Evidence-based ways to help your child regain their self esteem

New Content Item (1)

What you need to know:

  • From an early stage, identify and nurture your child's unique abilities and gifts.
  • A few years ago, Sylvia left a death note for her mother, in which she lamented being a failure and a disappointment to her and the family.
  • Teach your child to be realistic about their goals, dreams, and aspirations. Unrealistic demands on themselves will wear them down, especially if their goals hit a dead end.

In April 2021 a 2020 KCPE candidate in Kitui attempted to take his own life after failing to get his results. Devastated over the missing results, and the possibility of a ruined future, the boy took a concoction of pesticides. The boy’s grandmother, together with villagers, rushed him to a local health centre where medics administered an antidote to neutralise the harmful chemical he had swallowed.

This is the same pressure that may have led Rosemarie Wanyonyi’s daughter to lose her sense of self-worth and attempt suicide. “Sometimes we pile pressure on our children. I could have lost my child just because I was pressuring her to perform as well as a neighbour’s son,” she says.

Rosemarie, a nurse, admits that she used rough parenting methods such as shaming and shouting to get her daughter to toe the line. “I never stopped to think about how my comments affected her. I thought I was challenging her to be better like her friends,” she says regretfully.

While Rosemarie’s daughter was lucky to have escaped death, other children like class eight pupil Sylvia Wanjiku from Kathiani, Mercy Chebet from Kericho, and Douglas Ndeti from Nakuru were not lucky. A few years ago, Sylvia left a death note for her mother, in which she lamented being a failure and a disappointment to her and the family. In early 2012, Mercy told her mother and siblings jokingly that she was tired of living as a failure and was going to end her life. Nobody took her seriously. A few days later, her body was found dangling from the roof of their house.

While many children have not gone to such extremes, they still suffer inadequacies resulting from a sense of low self-worth. According to child therapist Rachel Awino, children are pushed into low self-esteem by demoralising and hurtful remarks given consciously or unconsciously by parents, peers, and teachers.  “Children will tend to consume what those around them say about them and internalise them as fact and final. If the remarks are too derogatory or demeaning, the child is likely to feel inadequate and worthless,” says Rachel.

She cautions against comparative statements, saying that they may start to view themselves as unworthy. “When you angrily shout or rebuke your child with comments like, ‘You’re a good-for-nothing trouble maker, why can’t you be like your sister?’ or ‘Why can’t you be like Josh? All you do is play and cause problems!’ he or she may feel vindicated that he or she isn’t normal or worthy like his sister or Josh.”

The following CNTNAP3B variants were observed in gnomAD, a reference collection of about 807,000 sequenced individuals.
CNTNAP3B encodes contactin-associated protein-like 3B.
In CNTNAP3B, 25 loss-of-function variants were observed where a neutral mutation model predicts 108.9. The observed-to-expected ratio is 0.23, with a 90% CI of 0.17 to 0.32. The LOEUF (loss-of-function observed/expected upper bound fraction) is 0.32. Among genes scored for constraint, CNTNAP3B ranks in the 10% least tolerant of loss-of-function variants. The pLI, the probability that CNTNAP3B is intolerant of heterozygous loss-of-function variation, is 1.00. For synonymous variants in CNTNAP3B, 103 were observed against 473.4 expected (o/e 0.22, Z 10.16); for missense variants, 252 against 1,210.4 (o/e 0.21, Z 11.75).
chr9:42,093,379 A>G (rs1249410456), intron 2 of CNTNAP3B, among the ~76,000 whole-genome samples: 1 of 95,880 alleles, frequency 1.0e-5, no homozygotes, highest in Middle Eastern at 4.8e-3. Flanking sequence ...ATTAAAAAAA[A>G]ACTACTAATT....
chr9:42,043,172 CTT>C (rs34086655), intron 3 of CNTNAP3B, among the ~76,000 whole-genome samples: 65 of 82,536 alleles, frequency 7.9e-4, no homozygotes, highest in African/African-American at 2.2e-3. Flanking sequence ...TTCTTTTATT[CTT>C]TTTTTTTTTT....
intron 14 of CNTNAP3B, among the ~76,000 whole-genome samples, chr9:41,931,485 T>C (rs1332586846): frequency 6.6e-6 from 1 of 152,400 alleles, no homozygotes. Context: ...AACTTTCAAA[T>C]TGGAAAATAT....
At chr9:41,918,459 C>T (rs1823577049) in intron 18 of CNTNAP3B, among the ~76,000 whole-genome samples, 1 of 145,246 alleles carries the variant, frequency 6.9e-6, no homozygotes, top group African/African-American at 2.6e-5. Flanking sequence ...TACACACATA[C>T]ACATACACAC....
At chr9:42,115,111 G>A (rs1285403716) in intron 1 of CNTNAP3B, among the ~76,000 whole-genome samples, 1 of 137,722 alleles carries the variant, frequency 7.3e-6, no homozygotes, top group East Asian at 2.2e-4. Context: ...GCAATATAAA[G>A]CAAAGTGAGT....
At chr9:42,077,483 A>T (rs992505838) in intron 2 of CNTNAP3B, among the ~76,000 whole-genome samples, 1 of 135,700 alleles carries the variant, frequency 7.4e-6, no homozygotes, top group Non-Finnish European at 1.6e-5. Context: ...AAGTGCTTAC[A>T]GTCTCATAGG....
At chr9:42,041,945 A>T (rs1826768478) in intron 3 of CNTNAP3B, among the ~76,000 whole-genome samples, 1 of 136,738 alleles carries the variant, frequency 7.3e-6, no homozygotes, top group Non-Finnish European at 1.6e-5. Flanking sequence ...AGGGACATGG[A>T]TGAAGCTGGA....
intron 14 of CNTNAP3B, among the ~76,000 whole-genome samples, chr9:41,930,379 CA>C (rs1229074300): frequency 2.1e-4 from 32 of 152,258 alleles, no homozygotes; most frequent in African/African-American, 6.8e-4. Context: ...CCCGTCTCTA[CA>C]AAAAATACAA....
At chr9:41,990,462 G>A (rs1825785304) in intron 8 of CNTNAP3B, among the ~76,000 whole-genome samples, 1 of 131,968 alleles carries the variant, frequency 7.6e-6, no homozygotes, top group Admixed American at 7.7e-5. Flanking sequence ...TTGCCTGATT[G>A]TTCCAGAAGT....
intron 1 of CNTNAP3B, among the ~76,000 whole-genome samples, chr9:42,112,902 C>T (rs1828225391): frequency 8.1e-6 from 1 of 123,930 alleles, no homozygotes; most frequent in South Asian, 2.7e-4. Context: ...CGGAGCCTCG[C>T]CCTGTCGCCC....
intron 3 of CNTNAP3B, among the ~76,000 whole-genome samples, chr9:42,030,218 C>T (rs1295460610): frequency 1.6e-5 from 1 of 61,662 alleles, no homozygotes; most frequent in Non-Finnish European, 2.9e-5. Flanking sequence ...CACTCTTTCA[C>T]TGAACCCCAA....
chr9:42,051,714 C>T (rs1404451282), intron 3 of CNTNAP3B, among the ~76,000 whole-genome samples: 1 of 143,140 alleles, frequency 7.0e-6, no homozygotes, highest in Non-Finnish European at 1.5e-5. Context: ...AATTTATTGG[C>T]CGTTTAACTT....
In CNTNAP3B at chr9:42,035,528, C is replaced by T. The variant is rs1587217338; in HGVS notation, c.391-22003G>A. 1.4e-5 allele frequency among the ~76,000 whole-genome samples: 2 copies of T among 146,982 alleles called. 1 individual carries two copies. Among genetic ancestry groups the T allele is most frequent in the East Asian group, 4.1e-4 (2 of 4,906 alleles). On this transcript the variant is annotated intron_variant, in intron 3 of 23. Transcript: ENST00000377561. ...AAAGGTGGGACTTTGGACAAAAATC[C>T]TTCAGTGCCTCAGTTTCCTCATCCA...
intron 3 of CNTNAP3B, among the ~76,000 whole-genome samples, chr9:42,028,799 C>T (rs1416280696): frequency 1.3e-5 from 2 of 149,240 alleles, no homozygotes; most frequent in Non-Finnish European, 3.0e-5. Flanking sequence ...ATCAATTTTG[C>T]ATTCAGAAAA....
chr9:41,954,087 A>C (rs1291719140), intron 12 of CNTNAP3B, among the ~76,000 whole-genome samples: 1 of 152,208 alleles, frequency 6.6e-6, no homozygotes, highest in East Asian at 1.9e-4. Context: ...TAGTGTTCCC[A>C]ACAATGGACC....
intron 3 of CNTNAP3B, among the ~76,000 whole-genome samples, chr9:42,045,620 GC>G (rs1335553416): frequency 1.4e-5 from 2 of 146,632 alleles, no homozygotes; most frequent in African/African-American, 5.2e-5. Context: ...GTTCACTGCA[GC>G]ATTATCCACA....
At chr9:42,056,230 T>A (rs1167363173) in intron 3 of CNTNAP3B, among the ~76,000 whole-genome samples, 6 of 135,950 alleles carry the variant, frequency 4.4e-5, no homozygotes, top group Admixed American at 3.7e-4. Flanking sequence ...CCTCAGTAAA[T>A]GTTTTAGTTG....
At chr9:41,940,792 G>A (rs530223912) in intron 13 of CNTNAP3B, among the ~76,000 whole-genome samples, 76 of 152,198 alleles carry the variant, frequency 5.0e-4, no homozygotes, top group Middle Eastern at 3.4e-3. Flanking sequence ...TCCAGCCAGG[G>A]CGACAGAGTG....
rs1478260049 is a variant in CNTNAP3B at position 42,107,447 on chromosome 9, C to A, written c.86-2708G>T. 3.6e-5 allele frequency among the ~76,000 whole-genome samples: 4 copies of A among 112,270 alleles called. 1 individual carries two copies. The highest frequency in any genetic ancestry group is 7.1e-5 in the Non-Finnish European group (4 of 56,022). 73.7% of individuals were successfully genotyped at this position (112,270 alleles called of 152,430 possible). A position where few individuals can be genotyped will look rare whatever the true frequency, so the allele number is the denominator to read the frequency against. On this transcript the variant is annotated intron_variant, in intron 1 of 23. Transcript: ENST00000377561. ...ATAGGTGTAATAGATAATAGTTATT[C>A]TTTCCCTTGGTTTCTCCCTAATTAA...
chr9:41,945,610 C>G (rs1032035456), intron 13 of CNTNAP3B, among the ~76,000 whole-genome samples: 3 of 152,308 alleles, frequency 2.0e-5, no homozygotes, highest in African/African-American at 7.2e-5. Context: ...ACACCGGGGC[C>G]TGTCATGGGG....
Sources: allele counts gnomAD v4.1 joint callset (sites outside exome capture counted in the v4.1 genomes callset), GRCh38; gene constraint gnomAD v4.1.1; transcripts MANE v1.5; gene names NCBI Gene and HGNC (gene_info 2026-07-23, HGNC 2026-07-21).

Your child could develop feelings of hatred and anger towards those you’re comparing him with, towards you, towards himself, have a low self-drive, and may even turn suicidal. “I learned the hard way. The words you say to your child can either build or destroy them. I nearly took my daughter to the grave with my utterances,” says Rosemarie.

While she prays that the thought of committing suicide never comes back, Rosemarie has taken the bull by the horns by teaching and helping her child to have a better, positive sense of self. “I felt guilty and saw a family therapist. Now I know better. My child’s future success does not solely depend on her academic performance,” she says. “I have learned to identify her other abilities and talents.”

She says that her child is good at singing and playing piano, and she has scheduled weekend classes for her to harness her unique abilities. “I keep telling her that she does not have to be like the rest and should not feel bad when she fails. It’s part of life.” Her efforts have borne fruits. She has grown closer with her daughter. In return, her daughter is happier, more optimistic, and positive about life. According to Rachel, optimism, creativity, and healthy interactions are signs that a child is developing a high sense of self.

What to do

  • Teach your child to be realistic about their goals, dreams, and aspirations. Unrealistic demands on themselves will wear them down, especially if their goals hit a dead end.
  • Teach your child how to cope with failure. Help them understand that setbacks are opportunities to learn and make corrections. It is important for them to know and understand that they cannot always have their way in life.
  • Stop pushing your child to live your life. This includes pushing them to do the things you wish you did in your childhood. If you had a passion for science but they don't, resist the temptation to force sciences down their throats.
  • Stop or avoid comparing your child with his or her siblings, friends, or age-mates. They will know you don’t favour them and the repercussions on their sense of self-esteem will be dire.
  • Help them understand the value of contentment. Teach them that they cannot always have their way or get whatever they want.
  • Create or strengthen support systems that they can lean on or turn to when in social or emotional turmoil. You can begin by showing them that you are there for them whenever they need you.
  • From an early stage, identify and nurture their unique abilities and gifts. This will help them to maximize what they are best at. There are multiple extra-curricular talent programs that you can enroll them in.
  • Give your child praise when necessary and appropriate discipline where required. 


Welcome!

You're all set to enjoy unlimited Prime content.